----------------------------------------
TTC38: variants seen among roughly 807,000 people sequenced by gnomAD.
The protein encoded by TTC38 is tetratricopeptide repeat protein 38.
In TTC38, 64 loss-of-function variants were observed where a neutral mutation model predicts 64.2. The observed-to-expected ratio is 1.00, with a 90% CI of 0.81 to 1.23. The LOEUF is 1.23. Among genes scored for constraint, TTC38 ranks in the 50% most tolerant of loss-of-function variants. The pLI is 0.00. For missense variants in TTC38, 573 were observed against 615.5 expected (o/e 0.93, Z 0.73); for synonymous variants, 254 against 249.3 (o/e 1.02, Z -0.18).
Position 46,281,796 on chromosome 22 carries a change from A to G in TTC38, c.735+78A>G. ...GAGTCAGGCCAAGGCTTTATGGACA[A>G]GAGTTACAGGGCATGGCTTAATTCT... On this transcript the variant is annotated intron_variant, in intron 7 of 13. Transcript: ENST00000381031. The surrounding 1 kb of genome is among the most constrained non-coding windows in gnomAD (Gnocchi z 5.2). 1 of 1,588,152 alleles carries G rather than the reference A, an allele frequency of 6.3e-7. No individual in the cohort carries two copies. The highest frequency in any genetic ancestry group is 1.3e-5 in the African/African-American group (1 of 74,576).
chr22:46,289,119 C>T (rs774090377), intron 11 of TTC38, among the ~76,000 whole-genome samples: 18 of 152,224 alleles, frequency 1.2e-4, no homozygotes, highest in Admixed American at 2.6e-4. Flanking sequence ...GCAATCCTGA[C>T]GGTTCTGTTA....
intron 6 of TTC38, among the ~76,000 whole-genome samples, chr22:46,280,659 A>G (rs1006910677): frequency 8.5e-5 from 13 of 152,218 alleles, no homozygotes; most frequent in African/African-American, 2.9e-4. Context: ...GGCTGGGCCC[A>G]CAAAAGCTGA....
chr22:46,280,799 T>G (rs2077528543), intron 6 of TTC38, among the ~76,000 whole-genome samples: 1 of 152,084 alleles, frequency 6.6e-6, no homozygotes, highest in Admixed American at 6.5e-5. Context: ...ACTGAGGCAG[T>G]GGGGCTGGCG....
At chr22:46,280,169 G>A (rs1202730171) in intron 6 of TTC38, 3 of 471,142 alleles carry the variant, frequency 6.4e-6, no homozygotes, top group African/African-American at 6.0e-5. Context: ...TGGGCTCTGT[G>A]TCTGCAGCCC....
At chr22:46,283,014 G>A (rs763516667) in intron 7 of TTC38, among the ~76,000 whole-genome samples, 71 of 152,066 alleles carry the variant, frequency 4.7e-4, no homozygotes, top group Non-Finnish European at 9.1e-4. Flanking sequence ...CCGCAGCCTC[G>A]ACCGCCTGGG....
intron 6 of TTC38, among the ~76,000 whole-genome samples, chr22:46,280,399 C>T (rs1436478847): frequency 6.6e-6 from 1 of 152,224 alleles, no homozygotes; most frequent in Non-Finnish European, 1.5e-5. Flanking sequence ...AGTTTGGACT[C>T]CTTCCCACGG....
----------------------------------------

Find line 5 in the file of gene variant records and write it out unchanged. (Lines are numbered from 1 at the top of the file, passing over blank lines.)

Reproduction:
chr22:46,289,119 C>T (rs774090377), intron 11 of TTC38, among the ~76,000 whole-genome samples: 18 of 152,224 alleles, frequency 1.2e-4, no homozygotes, highest in Admixed American at 2.6e-4. Flanking sequence ...GCAATCCTGA[C>T]GGTTCTGTTA....